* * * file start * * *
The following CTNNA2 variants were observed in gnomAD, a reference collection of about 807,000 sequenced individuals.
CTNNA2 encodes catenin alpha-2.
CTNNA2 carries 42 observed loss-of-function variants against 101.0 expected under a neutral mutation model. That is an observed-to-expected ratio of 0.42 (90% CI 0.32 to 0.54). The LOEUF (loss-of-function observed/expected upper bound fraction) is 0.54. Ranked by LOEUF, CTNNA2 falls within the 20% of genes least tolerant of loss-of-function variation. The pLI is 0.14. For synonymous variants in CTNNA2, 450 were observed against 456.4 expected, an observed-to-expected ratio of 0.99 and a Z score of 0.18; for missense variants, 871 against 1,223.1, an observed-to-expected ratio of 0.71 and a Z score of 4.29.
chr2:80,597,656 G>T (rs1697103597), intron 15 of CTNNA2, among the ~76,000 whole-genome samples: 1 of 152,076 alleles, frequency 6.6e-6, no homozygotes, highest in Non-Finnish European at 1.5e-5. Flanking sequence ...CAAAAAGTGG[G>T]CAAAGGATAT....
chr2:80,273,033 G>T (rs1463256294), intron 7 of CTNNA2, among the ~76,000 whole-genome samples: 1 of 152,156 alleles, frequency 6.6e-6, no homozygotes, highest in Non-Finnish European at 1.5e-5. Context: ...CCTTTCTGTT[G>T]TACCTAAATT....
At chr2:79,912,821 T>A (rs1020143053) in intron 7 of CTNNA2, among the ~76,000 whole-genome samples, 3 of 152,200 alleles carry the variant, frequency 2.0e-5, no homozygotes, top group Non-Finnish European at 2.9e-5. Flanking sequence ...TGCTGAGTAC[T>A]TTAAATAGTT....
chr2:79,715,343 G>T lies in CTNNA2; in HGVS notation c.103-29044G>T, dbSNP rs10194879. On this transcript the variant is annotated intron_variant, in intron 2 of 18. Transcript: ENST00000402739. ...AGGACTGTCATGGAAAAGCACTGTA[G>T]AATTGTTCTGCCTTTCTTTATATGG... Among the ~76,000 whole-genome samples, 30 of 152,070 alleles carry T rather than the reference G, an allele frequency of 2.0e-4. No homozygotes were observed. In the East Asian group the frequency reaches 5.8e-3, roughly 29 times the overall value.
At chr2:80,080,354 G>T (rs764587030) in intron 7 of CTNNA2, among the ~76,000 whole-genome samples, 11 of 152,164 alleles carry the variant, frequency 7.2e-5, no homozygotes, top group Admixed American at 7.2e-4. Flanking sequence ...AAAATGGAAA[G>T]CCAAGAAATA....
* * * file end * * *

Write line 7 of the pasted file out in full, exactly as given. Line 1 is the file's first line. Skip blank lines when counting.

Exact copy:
chr2:79,715,343 G>T lies in CTNNA2; in HGVS notation c.103-29044G>T, dbSNP rs10194879. On this transcript the variant is annotated intron_variant, in intron 2 of 18. Transcript: ENST00000402739. ...AGGACTGTCATGGAAAAGCACTGTA[G>T]AATTGTTCTGCCTTTCTTTATATGG... Among the ~76,000 whole-genome samples, 30 of 152,070 alleles carry T rather than the reference G, an allele frequency of 2.0e-4. No homozygotes were observed. In the East Asian group the frequency reaches 5.8e-3, roughly 29 times the overall value.